By some astonishing oversight, the TUC Blog has failed to report an extremely important view on transaction taxes. This is quite odd, since Touchstone has been assiduous in keeping us up to date every time they find some tenuous reason to proclaim support for Robin Hood Tax, and the TUC is nothing if not a bastion of unbiased, principled reportage. *
Thanks to Tim on ASI, we have the considered, economist views of the World Bank And they echo the points made here and elsewhere: that RH taxes are not the fleabite that the TUC et al suppose they might be; therefore they would have a profound effect on behaviour; not necessarily to stop ‘bad’ things but certainly to make ‘good’ things like saving and investing more expensive; and therefore that they would fail to address the very real problems that afflict banking, finance, and the incentives thereof. Quoting from Tim’s post:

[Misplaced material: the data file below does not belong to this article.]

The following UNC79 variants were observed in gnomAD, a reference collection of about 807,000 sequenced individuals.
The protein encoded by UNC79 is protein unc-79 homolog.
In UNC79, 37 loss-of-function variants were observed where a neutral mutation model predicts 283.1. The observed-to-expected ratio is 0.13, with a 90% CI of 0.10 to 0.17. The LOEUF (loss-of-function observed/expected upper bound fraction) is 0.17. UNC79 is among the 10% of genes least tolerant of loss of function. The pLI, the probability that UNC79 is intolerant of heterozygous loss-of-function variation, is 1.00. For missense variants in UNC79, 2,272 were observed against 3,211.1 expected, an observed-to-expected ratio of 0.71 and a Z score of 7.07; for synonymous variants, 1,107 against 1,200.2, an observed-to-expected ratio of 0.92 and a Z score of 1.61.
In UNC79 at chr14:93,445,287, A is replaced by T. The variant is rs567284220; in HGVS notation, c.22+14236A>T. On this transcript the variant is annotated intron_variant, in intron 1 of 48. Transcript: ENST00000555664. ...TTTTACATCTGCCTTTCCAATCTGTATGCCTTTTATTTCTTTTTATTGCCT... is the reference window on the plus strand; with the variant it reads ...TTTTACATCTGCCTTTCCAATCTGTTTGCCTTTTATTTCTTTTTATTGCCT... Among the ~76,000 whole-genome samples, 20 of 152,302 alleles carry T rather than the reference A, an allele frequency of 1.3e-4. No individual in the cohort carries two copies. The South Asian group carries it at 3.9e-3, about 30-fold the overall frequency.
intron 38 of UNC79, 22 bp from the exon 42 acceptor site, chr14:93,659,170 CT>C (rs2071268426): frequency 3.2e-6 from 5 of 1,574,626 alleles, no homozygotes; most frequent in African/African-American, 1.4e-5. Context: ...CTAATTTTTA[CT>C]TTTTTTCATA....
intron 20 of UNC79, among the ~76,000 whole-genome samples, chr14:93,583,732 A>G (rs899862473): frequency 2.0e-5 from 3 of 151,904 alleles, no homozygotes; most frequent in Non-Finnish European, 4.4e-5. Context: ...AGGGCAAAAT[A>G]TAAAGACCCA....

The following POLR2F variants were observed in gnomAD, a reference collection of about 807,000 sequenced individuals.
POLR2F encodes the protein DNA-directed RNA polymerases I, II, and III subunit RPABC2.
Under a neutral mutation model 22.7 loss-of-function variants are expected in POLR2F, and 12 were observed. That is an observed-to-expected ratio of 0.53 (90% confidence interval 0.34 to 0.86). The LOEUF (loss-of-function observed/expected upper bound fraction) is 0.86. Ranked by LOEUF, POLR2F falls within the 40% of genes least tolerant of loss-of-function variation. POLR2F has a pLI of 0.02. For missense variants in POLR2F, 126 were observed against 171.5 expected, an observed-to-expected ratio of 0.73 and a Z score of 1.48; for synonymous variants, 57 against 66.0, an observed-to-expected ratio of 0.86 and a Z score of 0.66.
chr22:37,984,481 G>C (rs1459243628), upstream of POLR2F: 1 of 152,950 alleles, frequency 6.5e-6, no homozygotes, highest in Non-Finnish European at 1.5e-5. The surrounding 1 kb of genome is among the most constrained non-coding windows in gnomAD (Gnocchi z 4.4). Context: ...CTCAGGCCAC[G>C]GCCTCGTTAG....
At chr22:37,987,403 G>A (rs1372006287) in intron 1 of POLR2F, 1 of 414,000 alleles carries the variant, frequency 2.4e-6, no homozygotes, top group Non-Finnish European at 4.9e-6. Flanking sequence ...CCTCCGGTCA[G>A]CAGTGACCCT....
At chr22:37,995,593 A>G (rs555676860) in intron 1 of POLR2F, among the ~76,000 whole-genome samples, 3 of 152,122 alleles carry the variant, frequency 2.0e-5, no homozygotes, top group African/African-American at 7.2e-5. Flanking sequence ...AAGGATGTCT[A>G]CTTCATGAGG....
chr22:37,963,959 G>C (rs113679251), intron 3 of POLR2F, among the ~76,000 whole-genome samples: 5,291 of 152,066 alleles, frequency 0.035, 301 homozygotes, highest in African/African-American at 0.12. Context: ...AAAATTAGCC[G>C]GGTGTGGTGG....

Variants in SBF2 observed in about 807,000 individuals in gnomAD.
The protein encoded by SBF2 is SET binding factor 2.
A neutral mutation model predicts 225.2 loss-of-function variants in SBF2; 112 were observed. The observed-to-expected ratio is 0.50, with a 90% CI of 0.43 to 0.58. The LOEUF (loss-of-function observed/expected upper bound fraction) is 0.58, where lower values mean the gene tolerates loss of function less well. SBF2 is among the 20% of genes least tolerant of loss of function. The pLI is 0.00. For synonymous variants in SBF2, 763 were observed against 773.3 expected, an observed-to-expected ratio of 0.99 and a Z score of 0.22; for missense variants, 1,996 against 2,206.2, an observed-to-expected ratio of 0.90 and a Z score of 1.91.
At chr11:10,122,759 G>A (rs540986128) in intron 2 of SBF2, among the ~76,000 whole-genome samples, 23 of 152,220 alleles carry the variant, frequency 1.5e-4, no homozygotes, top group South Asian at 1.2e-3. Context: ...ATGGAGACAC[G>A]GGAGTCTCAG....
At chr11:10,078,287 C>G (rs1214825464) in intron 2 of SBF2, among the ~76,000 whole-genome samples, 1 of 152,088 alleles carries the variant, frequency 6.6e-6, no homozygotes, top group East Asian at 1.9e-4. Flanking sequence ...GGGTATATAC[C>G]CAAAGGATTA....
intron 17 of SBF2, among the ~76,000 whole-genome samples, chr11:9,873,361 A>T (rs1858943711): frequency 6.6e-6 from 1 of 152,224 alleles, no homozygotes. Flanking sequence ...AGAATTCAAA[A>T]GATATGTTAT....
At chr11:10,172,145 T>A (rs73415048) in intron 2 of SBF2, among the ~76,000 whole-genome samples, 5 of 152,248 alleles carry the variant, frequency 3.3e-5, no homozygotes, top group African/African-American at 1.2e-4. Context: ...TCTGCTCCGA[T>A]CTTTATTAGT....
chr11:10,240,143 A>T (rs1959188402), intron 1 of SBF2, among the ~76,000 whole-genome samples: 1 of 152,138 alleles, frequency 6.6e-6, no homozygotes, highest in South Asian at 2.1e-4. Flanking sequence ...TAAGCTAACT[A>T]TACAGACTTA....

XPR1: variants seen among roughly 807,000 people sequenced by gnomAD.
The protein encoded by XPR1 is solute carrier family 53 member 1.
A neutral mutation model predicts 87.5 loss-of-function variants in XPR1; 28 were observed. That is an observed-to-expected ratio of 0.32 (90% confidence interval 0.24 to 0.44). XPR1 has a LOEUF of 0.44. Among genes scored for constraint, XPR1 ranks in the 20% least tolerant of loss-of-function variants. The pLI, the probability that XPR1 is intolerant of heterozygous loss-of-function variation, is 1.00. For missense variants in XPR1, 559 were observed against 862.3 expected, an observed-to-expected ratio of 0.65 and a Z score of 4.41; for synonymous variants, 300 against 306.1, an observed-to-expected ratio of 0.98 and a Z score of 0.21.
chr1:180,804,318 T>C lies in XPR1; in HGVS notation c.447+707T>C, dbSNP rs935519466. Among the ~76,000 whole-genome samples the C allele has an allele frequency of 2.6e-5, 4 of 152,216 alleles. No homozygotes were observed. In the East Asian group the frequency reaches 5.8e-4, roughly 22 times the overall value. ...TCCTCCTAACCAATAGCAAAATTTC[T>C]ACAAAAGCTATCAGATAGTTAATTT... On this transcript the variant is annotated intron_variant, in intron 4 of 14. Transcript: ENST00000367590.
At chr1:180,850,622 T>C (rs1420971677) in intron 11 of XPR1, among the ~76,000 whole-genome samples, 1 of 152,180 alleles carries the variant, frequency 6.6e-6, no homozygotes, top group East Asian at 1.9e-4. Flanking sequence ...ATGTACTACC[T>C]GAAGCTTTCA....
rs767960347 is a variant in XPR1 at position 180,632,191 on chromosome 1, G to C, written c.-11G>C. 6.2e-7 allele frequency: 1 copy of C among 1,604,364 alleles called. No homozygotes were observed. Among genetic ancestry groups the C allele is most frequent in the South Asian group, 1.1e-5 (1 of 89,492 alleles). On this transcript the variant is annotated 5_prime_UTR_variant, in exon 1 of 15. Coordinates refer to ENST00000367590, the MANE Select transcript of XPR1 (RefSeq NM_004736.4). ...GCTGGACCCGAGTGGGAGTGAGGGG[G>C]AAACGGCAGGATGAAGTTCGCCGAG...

Although the side-effects would include a sizable restructuring of financial sector activity, this would not occur in ways corrective of the particular forms of financial overtrading that were most conspicuous in contributing to the crisis … financial transactions taxes could be a threat to fiscal stability if overoptimistically seized upon as a reason for abolishing more reliable revenue sources.
It is only in the febrile atmosphere following such a financial crisis that such ideas can gain any traction at all. Perhaps, though, the supporters of the Robin Hood Tax could come back with some ad hominem complaint against the World Bank. You know: they’re only in it for themselves, they don’t understand economics as well as people like nef, they’re just a bunch of Orange Bookers, mature stuff like that ….
*A method sometimes applied is to say “X thinks that Banks are a problem. So too does the Robin Hood Tax Campaign! See, our mission to solve every world problem with an utterly painless charge on wicked activity is gaining adherents every day!” It is awfully convincing.